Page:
Why are the government procrastinating over implementing the decision of the electorate to leave the EU?
David Cameron has decided to resign, and said that Article 50 should be triggered by his successor.
This has led to a contest to replace him which will drag on into the autumn, with a possible date of October being mentioned. The new leader may then plan to get his, or her, position ratified by a general election. They don’t have to, but my guess is that they will in order to further delay the decision. The favourite to replace Mr Cameron at the moment is ‘remain’ enthusiast Theresa May; no prizes for guessing why.
By convention general elections over the winter are unusual, therefore it may not commence until the spring of 2017 with a possible date of the first Thursday in April.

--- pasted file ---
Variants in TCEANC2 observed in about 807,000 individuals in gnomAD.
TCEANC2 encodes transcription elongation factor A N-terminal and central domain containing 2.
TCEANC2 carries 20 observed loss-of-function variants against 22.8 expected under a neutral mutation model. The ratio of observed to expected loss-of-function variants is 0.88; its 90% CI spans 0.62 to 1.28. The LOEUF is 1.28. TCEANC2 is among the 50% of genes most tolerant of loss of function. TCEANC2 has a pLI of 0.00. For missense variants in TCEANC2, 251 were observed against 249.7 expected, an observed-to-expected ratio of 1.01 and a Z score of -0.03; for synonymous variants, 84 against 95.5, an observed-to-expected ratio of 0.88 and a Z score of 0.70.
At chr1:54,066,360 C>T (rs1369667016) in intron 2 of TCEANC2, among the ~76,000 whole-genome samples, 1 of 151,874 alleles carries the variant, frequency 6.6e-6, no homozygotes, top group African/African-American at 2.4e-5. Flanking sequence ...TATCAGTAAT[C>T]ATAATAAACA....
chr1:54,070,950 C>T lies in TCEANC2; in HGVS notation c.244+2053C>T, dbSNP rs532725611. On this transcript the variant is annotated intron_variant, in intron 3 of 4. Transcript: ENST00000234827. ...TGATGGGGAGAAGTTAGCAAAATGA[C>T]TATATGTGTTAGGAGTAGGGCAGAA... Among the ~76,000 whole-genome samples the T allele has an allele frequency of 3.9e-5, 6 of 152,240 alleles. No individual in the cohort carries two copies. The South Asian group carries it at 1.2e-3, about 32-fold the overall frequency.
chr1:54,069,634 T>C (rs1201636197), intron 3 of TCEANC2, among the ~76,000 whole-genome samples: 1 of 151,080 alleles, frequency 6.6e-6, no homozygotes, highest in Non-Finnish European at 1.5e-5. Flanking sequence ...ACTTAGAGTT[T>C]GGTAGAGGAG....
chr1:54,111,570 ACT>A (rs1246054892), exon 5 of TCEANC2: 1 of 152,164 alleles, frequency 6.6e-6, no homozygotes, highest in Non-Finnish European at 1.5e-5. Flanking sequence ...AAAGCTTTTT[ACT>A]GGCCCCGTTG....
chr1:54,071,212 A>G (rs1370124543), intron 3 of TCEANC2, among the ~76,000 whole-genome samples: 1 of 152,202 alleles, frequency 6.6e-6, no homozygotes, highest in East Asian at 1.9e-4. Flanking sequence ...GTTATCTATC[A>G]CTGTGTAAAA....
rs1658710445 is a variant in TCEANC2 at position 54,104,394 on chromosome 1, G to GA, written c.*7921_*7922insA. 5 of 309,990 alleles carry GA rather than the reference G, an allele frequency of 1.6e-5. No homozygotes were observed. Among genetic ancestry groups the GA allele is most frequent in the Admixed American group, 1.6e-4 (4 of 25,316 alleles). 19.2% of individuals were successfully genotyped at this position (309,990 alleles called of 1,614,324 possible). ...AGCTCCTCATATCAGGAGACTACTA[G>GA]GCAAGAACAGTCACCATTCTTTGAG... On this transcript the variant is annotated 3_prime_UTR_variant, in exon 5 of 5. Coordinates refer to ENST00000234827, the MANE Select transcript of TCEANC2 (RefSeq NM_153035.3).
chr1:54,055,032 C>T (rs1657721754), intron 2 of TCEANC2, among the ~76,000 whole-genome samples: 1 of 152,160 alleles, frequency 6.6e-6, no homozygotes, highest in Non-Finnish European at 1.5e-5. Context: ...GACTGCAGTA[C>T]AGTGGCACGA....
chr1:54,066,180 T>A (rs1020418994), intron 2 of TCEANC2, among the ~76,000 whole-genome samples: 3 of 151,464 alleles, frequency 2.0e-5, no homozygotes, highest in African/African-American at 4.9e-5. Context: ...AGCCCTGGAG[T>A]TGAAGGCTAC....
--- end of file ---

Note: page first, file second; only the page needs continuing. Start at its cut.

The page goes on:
The trouble is that Article 50 must be triggered no later than March 31st, 2017 or leaving the EU becomes virtually impossible and the democratic decision taken by the majority of the electorate will have been ignored.
Our one hope now is that a genuine ‘leaver’ such as Dr Fox wins the leadership contests and triggers Article 50 as soon as possible afterwards, but that is not very likely.
We in UKIP have said all along that you just can’t trust the Tories over the EU and in this pathetic attempt to, once again, hoodwink the electorate and derail democracy it seems we maybe right.